Khoury added: “Universities are still following the official exchange rate of the dollar, which is 1,512 Lebanese pounds (LBP), but the matter is subject to future developments.”

Lebanese parents are also worried about the future of their children, after the current school year ended unexpectedly due to the coronavirus disease (COVID-19) pandemic.

Dr. Tarek Majzoub, the minister of education and higher education, ended the academic year in public schools and gave private schools the right to take a call on this issue.

He said: “The coming academic year will witness intensification of lessons and a review of what students have missed.”

But what sort of academic year should students expect?

Differences have developed between school owners, parents, and teachers over the payment of tuition fees and teachers’ salaries.

Azar said: “What I know so far is that 80 percent of the Catholic schools in Lebanon will close their doors next year unless they are financially helped. Some families today are unable to pay the rest of the dues for the current year either because their breadwinners were fired or not working, while others do not want to pay dues because schools remain closed due to the pandemic.

“Lebanese people chose private schools for their children because they trusted them for their quality — 70 percent of Lebanese children go to private schools. Today, we are facing a major crisis, and I say that if education collapses in Lebanon, then the area surrounding Lebanon will collapse. Many Arab students from the Gulf states receive their education in the most prestigious Lebanese schools,” he added.

“What we are witnessing today is that the educational contract is no longer respected. It can be said that what broke the back of school owners is the approval by the Lebanese parliament in 2018 of a series of ranks and salaries that have bankrupted the state treasury and put all institutions in a continuous deficit.”

Those in charge of formal education expect a great rush for enrollment in public schools and universities, but the ability of these formal institutions to absorb huge numbers of students is limited.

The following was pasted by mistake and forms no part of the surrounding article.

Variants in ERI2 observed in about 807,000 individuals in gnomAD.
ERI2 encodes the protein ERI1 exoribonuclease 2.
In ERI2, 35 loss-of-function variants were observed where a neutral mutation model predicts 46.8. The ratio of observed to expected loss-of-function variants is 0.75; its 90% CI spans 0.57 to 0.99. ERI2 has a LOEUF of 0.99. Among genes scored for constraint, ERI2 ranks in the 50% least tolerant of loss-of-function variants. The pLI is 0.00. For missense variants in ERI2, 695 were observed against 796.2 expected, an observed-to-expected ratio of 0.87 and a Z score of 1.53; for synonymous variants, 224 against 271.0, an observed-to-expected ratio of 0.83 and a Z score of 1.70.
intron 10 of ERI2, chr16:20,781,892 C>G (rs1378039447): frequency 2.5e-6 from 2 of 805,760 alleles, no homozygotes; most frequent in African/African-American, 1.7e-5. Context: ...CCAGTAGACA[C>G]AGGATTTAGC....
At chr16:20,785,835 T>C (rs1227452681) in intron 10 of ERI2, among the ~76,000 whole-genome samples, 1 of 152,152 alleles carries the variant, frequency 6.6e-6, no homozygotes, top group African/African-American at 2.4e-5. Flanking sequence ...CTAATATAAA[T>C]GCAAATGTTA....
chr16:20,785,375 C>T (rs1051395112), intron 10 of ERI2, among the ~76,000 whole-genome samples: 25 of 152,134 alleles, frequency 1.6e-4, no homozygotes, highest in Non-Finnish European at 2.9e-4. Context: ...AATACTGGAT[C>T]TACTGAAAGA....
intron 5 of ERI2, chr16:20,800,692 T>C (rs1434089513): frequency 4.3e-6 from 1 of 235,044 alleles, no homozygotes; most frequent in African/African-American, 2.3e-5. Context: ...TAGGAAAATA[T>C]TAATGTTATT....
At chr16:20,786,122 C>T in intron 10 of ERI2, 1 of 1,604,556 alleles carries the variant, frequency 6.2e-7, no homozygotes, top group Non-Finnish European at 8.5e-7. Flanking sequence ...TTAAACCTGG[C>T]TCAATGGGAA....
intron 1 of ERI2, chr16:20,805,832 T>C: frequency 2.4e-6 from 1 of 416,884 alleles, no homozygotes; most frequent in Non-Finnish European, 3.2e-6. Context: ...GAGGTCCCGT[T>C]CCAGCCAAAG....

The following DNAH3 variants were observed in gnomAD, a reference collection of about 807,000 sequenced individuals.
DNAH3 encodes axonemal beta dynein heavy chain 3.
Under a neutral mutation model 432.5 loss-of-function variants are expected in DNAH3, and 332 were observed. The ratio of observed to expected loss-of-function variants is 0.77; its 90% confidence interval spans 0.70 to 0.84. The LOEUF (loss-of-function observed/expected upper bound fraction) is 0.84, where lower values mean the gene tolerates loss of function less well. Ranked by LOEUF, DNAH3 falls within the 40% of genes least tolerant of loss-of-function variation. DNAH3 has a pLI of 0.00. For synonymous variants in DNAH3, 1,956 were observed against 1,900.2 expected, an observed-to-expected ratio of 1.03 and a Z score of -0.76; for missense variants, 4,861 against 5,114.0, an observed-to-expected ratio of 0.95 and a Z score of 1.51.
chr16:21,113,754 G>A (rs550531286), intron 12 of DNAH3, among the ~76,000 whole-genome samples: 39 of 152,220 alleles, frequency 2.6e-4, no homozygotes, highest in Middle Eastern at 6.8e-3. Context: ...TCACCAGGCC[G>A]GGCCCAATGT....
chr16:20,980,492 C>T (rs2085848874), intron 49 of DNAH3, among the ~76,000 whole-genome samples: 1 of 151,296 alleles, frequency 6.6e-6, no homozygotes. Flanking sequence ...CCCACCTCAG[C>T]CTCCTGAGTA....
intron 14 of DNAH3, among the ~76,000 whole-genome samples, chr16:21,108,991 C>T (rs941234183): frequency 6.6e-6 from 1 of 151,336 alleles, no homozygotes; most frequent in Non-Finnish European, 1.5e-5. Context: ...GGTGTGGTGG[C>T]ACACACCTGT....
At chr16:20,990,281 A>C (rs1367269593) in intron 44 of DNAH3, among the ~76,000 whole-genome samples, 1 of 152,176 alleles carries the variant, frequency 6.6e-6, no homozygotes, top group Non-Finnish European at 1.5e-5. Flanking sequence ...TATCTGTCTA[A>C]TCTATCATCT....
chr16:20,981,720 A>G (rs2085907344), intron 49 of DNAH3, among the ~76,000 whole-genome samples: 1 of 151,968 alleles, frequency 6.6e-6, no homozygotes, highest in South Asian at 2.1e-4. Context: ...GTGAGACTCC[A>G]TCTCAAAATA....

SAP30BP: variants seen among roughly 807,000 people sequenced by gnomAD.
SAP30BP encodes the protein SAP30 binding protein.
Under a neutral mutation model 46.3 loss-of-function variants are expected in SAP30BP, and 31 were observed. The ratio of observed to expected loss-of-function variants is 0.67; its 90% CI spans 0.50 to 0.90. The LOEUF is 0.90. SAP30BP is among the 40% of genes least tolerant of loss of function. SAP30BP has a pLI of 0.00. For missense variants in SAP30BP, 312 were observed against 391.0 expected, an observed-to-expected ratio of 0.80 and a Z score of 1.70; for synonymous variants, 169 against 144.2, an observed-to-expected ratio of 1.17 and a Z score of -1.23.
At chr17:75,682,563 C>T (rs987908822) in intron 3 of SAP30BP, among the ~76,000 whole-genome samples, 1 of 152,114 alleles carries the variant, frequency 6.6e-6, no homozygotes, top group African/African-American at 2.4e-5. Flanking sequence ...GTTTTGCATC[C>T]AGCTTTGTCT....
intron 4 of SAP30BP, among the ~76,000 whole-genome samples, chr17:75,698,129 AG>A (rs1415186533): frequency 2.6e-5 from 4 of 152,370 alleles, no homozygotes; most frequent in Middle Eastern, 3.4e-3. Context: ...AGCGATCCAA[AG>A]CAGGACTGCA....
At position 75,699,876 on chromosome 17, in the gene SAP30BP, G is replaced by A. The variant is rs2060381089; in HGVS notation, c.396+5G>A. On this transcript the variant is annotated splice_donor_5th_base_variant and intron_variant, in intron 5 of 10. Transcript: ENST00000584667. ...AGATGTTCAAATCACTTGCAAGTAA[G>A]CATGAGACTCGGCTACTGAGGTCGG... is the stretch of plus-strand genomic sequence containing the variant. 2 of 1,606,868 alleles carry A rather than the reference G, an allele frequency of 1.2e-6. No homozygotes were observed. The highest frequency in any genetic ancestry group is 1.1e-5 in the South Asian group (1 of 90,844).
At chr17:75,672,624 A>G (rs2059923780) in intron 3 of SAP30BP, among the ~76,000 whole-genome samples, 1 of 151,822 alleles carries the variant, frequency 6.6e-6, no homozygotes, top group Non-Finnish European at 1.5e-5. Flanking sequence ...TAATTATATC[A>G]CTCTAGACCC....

Majzoub said that his ministry was “working on proposing a law to help private schools provide a financial contribution for each learner within the available financial capabilities or grants that can be obtained.”

The undersecretary of the Teachers’ Syndicate in Private Schools, former government minister Ziad Baroud, said: “The crisis of remaining student fees and teachers’ salaries needs to be resolved by special legislation in parliament that regulates the relationship between all parties — teachers, parents, and schools — and takes into account the measures to end teachers’ contracts before July 5.”

Baroud spoke of “hundreds of teachers being discharged from their schools every year based on a legal article that gives the right to school owners to dismiss any teacher from service, provided that they send the teacher a notification before July 5.”

H said it should be kept in mind that thousands of teachers have not yet received their salaries for the last four months, and some of them had received only 50 percent or even less of their salaries.

Khoury said: “The AUB received a loan from the late Prime Minister Rashid Karami at the beginning of the 1975 Lebanese civil war to keep it afloat. In the 1990s, the late Prime Minister Rafik Hariri provided aid and grants to the universities. Today, no one can help universities.”

Last Thursday, the Lebanese parliament adopted a proposal submitted by the leader of the Future Parliamentary Bloc, Bahia Hariri, to allocate LBP300 billion to the education sector to help it mitigate the effects of COVID-19.